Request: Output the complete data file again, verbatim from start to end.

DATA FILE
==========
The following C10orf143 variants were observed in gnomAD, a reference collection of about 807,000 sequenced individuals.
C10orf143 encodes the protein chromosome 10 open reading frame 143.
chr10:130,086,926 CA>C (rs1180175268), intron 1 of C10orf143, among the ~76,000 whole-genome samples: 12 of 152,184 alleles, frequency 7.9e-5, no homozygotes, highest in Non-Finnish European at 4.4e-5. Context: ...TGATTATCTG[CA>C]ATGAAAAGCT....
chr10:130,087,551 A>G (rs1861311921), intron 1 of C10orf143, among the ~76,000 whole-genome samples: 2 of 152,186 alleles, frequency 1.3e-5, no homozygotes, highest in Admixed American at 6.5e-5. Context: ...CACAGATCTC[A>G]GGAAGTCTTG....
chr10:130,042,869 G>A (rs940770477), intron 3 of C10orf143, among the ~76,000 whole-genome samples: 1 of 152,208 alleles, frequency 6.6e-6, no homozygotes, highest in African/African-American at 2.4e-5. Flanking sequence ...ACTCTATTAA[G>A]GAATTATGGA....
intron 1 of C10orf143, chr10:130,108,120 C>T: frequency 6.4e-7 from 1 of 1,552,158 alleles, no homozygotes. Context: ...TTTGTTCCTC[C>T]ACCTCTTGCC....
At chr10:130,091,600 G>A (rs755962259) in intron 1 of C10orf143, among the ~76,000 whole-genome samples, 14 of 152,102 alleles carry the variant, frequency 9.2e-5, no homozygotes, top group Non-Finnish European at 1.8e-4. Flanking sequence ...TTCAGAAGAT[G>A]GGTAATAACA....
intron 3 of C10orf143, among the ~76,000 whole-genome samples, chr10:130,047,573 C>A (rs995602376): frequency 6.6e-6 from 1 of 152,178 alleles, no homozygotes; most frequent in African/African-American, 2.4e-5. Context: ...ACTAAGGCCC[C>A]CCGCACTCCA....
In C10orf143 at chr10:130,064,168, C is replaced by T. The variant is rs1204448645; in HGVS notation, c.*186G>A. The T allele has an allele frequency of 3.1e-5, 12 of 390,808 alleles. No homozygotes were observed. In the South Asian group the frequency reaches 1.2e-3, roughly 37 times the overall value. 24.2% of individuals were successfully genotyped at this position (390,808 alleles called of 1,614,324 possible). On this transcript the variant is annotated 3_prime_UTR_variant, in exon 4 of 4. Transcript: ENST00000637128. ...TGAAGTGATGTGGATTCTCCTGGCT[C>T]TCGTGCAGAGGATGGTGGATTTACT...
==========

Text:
The following C10orf143 variants were observed in gnomAD, a reference collection of about 807,000 sequenced individuals.
C10orf143 encodes the protein chromosome 10 open reading frame 143.
chr10:130,086,926 CA>C (rs1180175268), intron 1 of C10orf143, among the ~76,000 whole-genome samples: 12 of 152,184 alleles, frequency 7.9e-5, no homozygotes, highest in Non-Finnish European at 4.4e-5. Context: ...TGATTATCTG[CA>C]ATGAAAAGCT....
chr10:130,087,551 A>G (rs1861311921), intron 1 of C10orf143, among the ~76,000 whole-genome samples: 2 of 152,186 alleles, frequency 1.3e-5, no homozygotes, highest in Admixed American at 6.5e-5. Context: ...CACAGATCTC[A>G]GGAAGTCTTG....
chr10:130,042,869 G>A (rs940770477), intron 3 of C10orf143, among the ~76,000 whole-genome samples: 1 of 152,208 alleles, frequency 6.6e-6, no homozygotes, highest in African/African-American at 2.4e-5. Flanking sequence ...ACTCTATTAA[G>A]GAATTATGGA....
intron 1 of C10orf143, chr10:130,108,120 C>T: frequency 6.4e-7 from 1 of 1,552,158 alleles, no homozygotes. Context: ...TTTGTTCCTC[C>T]ACCTCTTGCC....
At chr10:130,091,600 G>A (rs755962259) in intron 1 of C10orf143, among the ~76,000 whole-genome samples, 14 of 152,102 alleles carry the variant, frequency 9.2e-5, no homozygotes, top group Non-Finnish European at 1.8e-4. Flanking sequence ...TTCAGAAGAT[G>A]GGTAATAACA....
intron 3 of C10orf143, among the ~76,000 whole-genome samples, chr10:130,047,573 C>A (rs995602376): frequency 6.6e-6 from 1 of 152,178 alleles, no homozygotes; most frequent in African/African-American, 2.4e-5. Context: ...ACTAAGGCCC[C>A]CCGCACTCCA....
In C10orf143 at chr10:130,064,168, C is replaced by T. The variant is rs1204448645; in HGVS notation, c.*186G>A. The T allele has an allele frequency of 3.1e-5, 12 of 390,808 alleles. No homozygotes were observed. In the South Asian group the frequency reaches 1.2e-3, roughly 37 times the overall value. 24.2% of individuals were successfully genotyped at this position (390,808 alleles called of 1,614,324 possible). On this transcript the variant is annotated 3_prime_UTR_variant, in exon 4 of 4. Transcript: ENST00000637128. ...TGAAGTGATGTGGATTCTCCTGGCT[C>T]TCGTGCAGAGGATGGTGGATTTACT...